September rolled in with bells and whistles! You all are amazing and should be proud of the pieces you wrote. If you missed any of them, go read them here. Done? Great! Now let's read what the judge had to say:
Wow. 8 fantastic entries this week, and I couldn't have imagined a more varied response to the prompt. This judge was overwhelmed by the quality and creativity of each piece. I am a judging newbie and want to make sure I comment on every entry so here goes:
Richard Edenfield - "The Method of Fried Chicken"
This one took me back to the annals of high school drama classes everywhere and made me smile. Part Psychology of the Theatre, Part Samuel Beckett, this piece was a beautiful layer cake of meaning. I loved how the performer finally dug down, and we were treated to a beautiful vision of hazy southern summers and the comfort of town-famous chicken. Well done.
Holly Geely – "Medusa's Wish"
I never thought I would say this but, poor Medusa. This piece was very reminiscent of Margaret Atwood's The Penelopiad and it is always great to see a story from a "villain's" point of view. Moreover, that Athena! What a fickle goddess. I love the telling detail in arachnid's thoughts, and the transgression my Medusa as she totally owned the slithering reference by the end of the piece.
Carlos Orozco – "Small"
This was a descriptive masterpiece that kept me genuinely wondering until the last word. I love how this story looked at the negative memory aspect of the olfactory system. It was an emotional, focused piece that drew the reader in—and left me wondering what had happened to this woman. I would love to read more.
Geoff Holme – "Fowl Play"
I love the double entendre of the title, and the interesting take on the prompt (though some of the required elements of the first sentence were absent, but the story was so good I let it slide) My impression of Elizabeth wavered from "brat" to "poor kid" to "oh my God, she's eating her feelings the poor thing" I was left wondering if Nando's had a subconscious role—a family meal shared in happier times perhaps? The wavering thoughts about all the characters made a very real piece about the family struggles after a break-up and was thought-provoking.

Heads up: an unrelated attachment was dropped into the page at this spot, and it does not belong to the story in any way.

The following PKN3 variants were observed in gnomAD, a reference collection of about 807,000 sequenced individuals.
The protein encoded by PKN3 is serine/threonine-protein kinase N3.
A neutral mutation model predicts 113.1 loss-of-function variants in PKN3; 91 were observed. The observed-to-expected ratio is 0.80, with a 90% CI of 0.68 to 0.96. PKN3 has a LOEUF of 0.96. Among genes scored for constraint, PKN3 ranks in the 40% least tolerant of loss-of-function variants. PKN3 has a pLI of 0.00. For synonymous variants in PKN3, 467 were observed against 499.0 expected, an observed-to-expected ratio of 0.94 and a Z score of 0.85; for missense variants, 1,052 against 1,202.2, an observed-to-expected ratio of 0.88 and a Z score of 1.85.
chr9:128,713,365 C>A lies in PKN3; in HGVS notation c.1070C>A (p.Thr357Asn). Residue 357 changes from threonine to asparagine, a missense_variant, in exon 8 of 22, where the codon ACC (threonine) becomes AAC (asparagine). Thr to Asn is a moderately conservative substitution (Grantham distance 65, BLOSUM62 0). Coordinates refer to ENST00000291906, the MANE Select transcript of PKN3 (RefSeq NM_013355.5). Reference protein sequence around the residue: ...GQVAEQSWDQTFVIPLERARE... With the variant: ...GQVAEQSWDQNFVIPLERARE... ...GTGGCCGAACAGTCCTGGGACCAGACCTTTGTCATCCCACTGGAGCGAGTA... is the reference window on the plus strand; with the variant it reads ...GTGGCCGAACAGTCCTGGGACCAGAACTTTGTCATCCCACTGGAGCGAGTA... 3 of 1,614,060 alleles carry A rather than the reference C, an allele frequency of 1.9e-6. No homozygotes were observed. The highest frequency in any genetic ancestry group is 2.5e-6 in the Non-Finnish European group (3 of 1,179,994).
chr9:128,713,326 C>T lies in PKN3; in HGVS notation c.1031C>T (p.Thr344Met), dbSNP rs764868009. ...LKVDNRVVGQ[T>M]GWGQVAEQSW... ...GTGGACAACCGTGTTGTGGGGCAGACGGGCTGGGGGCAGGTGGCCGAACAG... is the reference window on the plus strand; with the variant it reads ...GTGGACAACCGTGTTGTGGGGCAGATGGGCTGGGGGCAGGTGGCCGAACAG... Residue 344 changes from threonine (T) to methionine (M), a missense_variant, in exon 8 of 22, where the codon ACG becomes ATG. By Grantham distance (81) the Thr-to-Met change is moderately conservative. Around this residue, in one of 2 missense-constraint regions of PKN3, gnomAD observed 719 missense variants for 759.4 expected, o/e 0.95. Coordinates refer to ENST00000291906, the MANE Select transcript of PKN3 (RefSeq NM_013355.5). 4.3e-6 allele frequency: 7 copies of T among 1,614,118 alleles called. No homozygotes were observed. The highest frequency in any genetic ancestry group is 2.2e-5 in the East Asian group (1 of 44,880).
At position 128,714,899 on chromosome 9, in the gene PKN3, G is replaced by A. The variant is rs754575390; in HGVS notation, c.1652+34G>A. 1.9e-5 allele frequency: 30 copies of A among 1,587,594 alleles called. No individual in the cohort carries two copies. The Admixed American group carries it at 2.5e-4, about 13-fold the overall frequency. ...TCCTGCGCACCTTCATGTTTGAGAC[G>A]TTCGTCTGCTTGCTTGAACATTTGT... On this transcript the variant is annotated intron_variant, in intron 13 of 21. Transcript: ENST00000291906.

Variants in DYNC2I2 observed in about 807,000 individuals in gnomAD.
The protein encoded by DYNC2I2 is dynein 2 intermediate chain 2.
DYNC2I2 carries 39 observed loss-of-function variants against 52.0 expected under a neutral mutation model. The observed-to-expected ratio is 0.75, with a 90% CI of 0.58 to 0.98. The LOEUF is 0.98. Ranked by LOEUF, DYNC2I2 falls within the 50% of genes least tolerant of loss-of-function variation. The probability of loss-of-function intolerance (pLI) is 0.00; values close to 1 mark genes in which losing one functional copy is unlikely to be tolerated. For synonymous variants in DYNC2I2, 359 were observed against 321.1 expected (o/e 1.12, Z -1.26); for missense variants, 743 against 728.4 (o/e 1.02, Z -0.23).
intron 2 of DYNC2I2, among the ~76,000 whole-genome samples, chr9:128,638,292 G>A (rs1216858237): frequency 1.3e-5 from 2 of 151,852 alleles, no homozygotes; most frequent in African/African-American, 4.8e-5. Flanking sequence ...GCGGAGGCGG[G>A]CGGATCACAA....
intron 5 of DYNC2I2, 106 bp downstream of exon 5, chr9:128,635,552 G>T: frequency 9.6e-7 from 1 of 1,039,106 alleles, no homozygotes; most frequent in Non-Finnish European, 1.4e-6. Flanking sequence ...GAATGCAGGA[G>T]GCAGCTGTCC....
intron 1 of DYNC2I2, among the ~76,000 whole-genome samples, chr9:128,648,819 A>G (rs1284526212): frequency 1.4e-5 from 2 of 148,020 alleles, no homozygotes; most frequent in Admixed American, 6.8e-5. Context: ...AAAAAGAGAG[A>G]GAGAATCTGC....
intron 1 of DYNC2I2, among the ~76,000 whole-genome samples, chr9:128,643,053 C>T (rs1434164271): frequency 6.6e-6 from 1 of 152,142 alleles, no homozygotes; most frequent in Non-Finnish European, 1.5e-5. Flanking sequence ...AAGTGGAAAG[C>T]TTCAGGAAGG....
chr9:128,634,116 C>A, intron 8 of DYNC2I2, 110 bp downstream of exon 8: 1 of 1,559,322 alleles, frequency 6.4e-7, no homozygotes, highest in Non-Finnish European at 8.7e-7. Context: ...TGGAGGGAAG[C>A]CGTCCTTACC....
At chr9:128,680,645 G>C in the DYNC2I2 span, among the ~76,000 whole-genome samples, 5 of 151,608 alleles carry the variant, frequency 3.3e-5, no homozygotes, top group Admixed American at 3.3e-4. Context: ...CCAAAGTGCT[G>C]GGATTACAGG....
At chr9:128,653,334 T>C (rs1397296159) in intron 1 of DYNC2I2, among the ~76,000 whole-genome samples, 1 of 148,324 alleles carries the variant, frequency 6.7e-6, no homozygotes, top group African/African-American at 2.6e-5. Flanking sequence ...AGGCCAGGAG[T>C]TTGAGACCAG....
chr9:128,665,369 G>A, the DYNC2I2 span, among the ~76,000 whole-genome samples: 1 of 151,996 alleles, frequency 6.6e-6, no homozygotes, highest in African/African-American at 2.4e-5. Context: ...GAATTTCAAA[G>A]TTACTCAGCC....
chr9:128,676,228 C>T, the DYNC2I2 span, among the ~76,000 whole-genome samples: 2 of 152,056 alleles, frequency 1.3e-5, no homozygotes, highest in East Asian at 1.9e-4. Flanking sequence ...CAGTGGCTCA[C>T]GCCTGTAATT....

ParkInkSpot – "O'Malley's Exotic Poultry Supply"
Great job illustrating the multiple (and somewhat jumbled) thoughts that run through a person's head during a crisis. I did find myself strangely attracted to the weird chicks and wondering if they were bred to suicidal tendencies or if this was a naturally occurring phenomenon. They are obviously curious creatures given the way one jumped up on Tessa's desk. This story left me with questions about their origins—and the mysterious O'Malley. Perhaps a subconscious need as humans to create a breed of chicken eager for the slaughter rather than the horror stories one sees on the news?
Lauren Greene – "Don't Be a Chicken"
I think "alight on my nose" was my favourite quote of the contest. I appreciate a piece that can completely encompass the special challenge with vigour and make 436 words about KFC sound appealing. This story successfully evoked the smell, texture, taste—and gut wrenching guilt involved in consuming a bucket of fried chicken. I laughed at the justifying thoughts many of us women feel (and possibly men too) about how much bad food we can get away with following a session at the gym. Funny, and endearing (aw Marco – you are fallible like the rest of us!) I really enjoyed this story.